Conclusion :

Well, it is quite evident from the above statistical representation which programming language is the best. The highest score gaining language is Python and probably the one you should use for Machine learning. But, again it depends on the type of work and the reason why have you thought about it in the first place. If you are thinking to develop something for the long term, prefer python and if you are looking for developing just a prototype for short-term, R is the right way.

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Comment by Jeff Norton on July 30, 2018 at 10:09am

The question is probably a bit ambiguous.  The article makes some great points, but the missing part of the question is what is the target platform or audience?  Both R and Python can (and do) wrap on top of C and gain a lot of performance boost from doing so.  However, with the amount of data increasing so much, it seems that horizontal scaling needs to be a serious consideration.  So why wasn't Scala on the list?  There is a reason why Spark is written in Scala and why Scala is foundational to big data analytics stacks like the Smack Stack.  The downside to Scala is that you just don't have as many ready libraries as R or Python, but using technologies like JEP may lead to the ability to leverage existing Python and R libraries in the more robust concurrent environment offered by Scala.

Comment by Paul Bremner on July 29, 2018 at 2:35pm

“Hence, when you have free resources available why would anyone opt for the paid?”

FYI, here are some reasons an individual, or company, might opt for a paid solution (using SAS as an example.)


  • As a programming language it is easier and faster to learn, and to use (just compare the simplicity of SAS syntax—or SQL syntax—with R or Python.)


  • As a programming language it is not limited to memory (i.e. it can handle “big data.”)


  • As a programming language it is inherently capable of utilizing multiple processors on a single machine, or in massively parallel processing mode (i.e. on multiple computers/servers, each with multiple processors) from the get-go.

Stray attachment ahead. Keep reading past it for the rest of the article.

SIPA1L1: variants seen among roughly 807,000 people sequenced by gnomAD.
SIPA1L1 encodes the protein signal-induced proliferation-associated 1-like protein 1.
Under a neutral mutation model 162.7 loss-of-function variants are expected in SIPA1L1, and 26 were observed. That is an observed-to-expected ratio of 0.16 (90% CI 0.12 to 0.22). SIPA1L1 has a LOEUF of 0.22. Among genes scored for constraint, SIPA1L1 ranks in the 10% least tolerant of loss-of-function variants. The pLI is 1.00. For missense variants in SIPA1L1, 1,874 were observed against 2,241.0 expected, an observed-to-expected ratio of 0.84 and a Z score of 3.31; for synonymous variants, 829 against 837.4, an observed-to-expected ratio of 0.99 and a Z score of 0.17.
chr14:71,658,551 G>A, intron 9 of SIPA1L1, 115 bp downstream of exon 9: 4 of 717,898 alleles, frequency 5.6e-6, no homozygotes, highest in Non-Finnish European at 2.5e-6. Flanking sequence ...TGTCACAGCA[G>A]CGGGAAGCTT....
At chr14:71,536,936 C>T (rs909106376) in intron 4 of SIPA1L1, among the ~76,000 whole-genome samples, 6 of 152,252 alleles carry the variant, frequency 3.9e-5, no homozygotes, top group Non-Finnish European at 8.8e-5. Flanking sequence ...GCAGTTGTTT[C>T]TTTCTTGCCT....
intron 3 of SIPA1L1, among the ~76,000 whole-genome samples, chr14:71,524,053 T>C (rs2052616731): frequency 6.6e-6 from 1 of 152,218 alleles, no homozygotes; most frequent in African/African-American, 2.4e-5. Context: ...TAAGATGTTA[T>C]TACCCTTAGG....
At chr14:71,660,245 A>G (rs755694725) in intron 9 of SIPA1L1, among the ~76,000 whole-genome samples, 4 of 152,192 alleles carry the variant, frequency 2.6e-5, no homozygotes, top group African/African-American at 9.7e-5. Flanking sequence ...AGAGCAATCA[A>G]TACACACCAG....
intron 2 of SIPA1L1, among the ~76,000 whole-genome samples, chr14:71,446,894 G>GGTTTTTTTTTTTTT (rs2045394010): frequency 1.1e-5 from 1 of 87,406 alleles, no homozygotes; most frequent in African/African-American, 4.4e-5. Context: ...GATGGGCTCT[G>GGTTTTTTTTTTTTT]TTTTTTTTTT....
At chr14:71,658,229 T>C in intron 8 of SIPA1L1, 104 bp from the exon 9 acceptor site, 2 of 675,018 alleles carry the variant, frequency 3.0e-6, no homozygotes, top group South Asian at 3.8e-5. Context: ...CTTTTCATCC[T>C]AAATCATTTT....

• Probably the most important reason to consider a paid option: it is far more productive (and faster) to use a drag-and-drop interface (SAS Enterprise Miner) than using programming statements for machine learning when doing a large project that might require dozens/hundreds of models and multiple tasks.  Moreover, programming can be used as an integral part of the workflow when using drag-and-drop (that is, you just drag a “code node” into the workspace, insert it into the workflow, connect the nodes and presto, you’re using programming—SAS, SQL, R, Python, etc—if, on some rare occasion, you find it more useful to use programming statements for a given task.)


  • I haven’t gotten into the newest drag-and-drop interface: SAS Visual Analytics/Visual Statistics. But this takes drag-and-drop to a whole new level (and retains programming capabilities.)  Think of a Tableau-like interface (and graphical capability) applied to building machine learning models.  And if SAS doesn’t float your boat, use one of the cloud-based drag-and-drop approaches at Amazon, Google, Microsoft, etc.  Which, by the way, probably employ a “paid approach” at some level because….well….you need to get the job done.  You can certainly write thousands of lines of code if no-cost is an absolute requirement.  But if speed and productivity is what you’re looking for, drag-and-drop with programming capability is the way to do it.

Comment by Vincent Granville on July 28, 2018 at 3:22pm

Not sure what makes you think R is faster than Python. For speed, it is hard to beat the old C language. Or fast algorithms in any language, for that matter.